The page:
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How to preach biblical narratives
In the latest installment of the Preaching & Teaching series, Pastor Mark Driscoll answers a reader’s question about how to tackle preaching the longer, narrative books in Scripture.
When preaching God’s Word, how do you approach biblical narratives like Kings or Chronicles? Is expository preaching the best way to approach every single verse of the Bible? Your help is greatly appreciated on this. If possible, I would like to ask you to pray for me. My church is preparing me for ordination soon. I am really excited and nervous at the same time.
Seth, I am praying for your ordination. Congratulations on coming to the end of what was probably a very long process by God’s grace!
Understanding the genres of literature is absolutely crucial for a preacher or teacher. As you have rightly indicated, the variance in literary styles has to affect how we preach various sections of the Bible.
I believe in expository preaching. It has been the meat and potatoes of my ministry at Mars Hill for 17 years now. But we have to make sure our methodology does not turn into “methodolatry.” We can’t take one method and shoehorn everything into it. Perhaps the oddest example I have encountered was a pastor preaching through Genesis who landed on the sin of Onan on Mother’s Day. He talked a lot about whether or not the passage addressed masturbation. Good text. Bad day. He was so committed to expository preaching he would not even take Mother’s Day off to preach from another section of the Bible.
Variance in literary styles has to affect how we preach.
Some books of the Bible do not lend themselves well to expository preaching. Proverbs is the easiest example. To preach Proverbs, you have to collect them into topics or it’s impossible to get anywhere.
Preaching a New Testament letter is also different from preaching an Old Testament narrative. When I have preached through letters written by Paul, such as Ephesians or 1 Corinthians, it’s pretty easy to take a chunk of text and walk through it line by line in each sermon. But if you do that with Genesis or Luke, you will be preaching those books for decades. Also, since narratives are heavy on character development, unfolding plots, and the interrelationships between people and generations, if you do not deal with the book in large chunks people will lose sight of the storyline and interconnectedness of the entire book.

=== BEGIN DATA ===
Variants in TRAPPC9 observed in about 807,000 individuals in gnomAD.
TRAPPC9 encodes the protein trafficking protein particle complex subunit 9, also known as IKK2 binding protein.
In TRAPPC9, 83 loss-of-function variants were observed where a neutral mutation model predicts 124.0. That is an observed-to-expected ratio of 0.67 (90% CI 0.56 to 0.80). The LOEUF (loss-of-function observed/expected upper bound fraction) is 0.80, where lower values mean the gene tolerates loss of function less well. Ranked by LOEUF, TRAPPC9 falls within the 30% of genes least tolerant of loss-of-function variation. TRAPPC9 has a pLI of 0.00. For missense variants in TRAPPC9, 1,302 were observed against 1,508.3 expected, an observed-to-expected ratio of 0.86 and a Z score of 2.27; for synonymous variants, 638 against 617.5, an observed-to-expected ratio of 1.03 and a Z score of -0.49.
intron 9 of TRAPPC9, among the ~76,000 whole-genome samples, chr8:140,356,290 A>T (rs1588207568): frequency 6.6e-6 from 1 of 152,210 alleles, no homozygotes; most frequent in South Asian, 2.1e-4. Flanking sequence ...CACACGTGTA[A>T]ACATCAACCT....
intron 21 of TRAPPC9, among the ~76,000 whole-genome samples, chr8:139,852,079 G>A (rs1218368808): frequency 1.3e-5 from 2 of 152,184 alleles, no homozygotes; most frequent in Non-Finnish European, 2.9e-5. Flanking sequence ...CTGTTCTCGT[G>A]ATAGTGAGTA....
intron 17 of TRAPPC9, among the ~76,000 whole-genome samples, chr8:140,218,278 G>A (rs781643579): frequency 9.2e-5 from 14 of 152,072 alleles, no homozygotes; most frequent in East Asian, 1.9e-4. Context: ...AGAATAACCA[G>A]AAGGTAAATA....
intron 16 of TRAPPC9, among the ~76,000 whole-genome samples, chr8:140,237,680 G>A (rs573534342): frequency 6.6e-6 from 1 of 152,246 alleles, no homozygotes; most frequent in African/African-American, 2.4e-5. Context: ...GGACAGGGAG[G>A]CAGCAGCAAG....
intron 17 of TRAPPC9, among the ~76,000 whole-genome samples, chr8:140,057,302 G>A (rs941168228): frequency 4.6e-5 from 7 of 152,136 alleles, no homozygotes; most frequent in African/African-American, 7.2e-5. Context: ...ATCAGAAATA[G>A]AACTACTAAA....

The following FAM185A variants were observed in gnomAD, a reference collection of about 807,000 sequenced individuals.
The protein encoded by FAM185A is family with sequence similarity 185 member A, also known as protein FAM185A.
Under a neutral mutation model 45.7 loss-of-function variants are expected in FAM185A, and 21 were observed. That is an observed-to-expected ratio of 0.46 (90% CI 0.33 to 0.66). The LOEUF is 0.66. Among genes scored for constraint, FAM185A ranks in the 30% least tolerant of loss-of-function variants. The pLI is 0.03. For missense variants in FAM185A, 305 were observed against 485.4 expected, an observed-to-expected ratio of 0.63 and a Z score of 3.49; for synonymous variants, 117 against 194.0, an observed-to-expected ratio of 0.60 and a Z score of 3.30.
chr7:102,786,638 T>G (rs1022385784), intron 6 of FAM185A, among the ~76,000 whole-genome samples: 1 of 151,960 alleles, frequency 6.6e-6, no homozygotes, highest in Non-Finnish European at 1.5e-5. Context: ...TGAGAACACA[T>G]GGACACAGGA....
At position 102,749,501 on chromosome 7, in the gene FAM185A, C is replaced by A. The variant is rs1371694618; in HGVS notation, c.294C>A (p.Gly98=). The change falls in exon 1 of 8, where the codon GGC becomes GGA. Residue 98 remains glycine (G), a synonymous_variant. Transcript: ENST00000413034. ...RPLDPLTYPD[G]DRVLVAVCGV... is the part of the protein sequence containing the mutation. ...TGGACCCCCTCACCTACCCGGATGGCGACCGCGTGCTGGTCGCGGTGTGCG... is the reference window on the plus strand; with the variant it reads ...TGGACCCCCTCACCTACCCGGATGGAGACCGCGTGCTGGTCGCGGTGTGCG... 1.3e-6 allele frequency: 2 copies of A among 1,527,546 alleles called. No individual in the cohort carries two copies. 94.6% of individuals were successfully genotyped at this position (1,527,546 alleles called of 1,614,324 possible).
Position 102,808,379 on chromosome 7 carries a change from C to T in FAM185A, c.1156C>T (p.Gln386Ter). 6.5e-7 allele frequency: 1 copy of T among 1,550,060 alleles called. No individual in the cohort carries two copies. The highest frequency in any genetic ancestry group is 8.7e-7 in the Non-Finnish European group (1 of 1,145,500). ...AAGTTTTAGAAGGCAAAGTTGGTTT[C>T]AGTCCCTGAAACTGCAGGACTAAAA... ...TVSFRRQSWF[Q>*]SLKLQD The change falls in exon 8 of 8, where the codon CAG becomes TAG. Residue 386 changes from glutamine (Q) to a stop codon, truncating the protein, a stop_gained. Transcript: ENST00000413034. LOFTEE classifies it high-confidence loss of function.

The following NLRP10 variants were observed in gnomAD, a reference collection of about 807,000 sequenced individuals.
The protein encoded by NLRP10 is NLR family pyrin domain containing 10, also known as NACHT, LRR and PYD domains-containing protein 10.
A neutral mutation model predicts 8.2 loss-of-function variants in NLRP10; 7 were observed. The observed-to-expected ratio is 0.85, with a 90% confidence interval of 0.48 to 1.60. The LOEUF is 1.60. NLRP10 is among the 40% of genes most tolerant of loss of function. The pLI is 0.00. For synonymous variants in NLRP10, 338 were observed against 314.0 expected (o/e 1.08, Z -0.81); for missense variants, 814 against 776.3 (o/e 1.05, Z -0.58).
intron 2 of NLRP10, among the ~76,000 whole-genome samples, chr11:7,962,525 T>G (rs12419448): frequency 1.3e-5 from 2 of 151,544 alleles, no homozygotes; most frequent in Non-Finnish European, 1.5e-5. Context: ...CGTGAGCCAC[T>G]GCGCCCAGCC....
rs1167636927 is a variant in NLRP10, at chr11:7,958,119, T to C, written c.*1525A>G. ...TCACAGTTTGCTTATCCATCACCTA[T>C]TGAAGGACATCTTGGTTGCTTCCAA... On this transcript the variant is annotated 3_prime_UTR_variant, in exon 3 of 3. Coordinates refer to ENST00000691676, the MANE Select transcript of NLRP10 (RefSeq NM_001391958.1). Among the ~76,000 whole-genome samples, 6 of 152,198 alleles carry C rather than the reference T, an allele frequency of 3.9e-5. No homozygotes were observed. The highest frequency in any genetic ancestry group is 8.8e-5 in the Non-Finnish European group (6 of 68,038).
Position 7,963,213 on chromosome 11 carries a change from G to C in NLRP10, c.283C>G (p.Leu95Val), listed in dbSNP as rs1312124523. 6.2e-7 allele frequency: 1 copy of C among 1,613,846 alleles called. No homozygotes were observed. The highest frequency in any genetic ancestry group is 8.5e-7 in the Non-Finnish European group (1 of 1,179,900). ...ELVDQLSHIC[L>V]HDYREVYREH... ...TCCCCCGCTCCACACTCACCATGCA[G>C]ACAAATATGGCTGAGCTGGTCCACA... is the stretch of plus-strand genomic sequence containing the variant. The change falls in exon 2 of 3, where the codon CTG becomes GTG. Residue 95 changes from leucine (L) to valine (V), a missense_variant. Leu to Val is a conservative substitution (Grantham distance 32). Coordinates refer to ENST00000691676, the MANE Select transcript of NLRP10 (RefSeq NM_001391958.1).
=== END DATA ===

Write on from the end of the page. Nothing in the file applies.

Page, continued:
1. Break it down
Break the book into the logical units. How does the story unfold? As you do this, some sections will be quite long.
2. Teach section-by-section
Rather than reading one verse at a time and then teaching on it, as you would in a book like Romans, when you have a long narrative section, read it all at the front of the sermon, then summarize the context and explain how the section fits into the story of the book and how the story of the book fits into the storyline of the whole Bible.
3. Look for the big idea
Pull a big idea, or a few big ideas, from the story and make those the centerpiece of your sermon, where you focus your teaching. This might be a moral example (positive or negative), an explanation of how God worked in the story, an opportunity to talk about the effects of sin in the story, an illustration of redemption or another common principle articulated throughout the Bible, a key statement or phrase in the story worth camping on, etc.
4. Break it up
You can take a very long book, divide it into sections, and preach it in an expository fashion, just not all at once. For example, I just started preaching Acts, which, according to the outline of the book I did, will require 58 sermons. Of course, this total depends on how I feel led by the Holy Spirit to slow down and focus on a few verses. (This just happened in Ephesians: Halfway through a sermon, I decided to make it two sermons, so we added a week to the schedule. It happens. Don’t worry about it.)
Anyway, I do not want to preach Acts for 58 consecutive weeks. But I do want to preach Acts. So I am preaching it over the course of five to seven years. Our big run is from January through Easter. After Easter, we need all of the new people to understand Jesus’ mission and how our church is a part of what the Holy Spirit is doing in the world today. The story in Acts fits perfectly for this, so I will preach a chunk of the book for the first eight to 12 weeks after Easter each year until we’re through the book. This year we’re in Acts 1–5. Next year I’ll work through Acts 6–10, etc.
For a long book with units of thought within the book, this system could work well. Rather than preaching all 150 Psalms in a row, for example, working in sections of Psalms over the course of many years could be a good way to go.
Staying makes it easier
These are recommendations and not rules. I hope they are helpful. As someone who has stayed in one place for awhile, I would say the longer you stay the easier it is to work out your preaching and teaching because you have time over many years to cover a lot of Scripture—which is a tremendous blessing and a great joy.
Got a question about preaching and teaching for Pastor Mark? Email it to email@example.com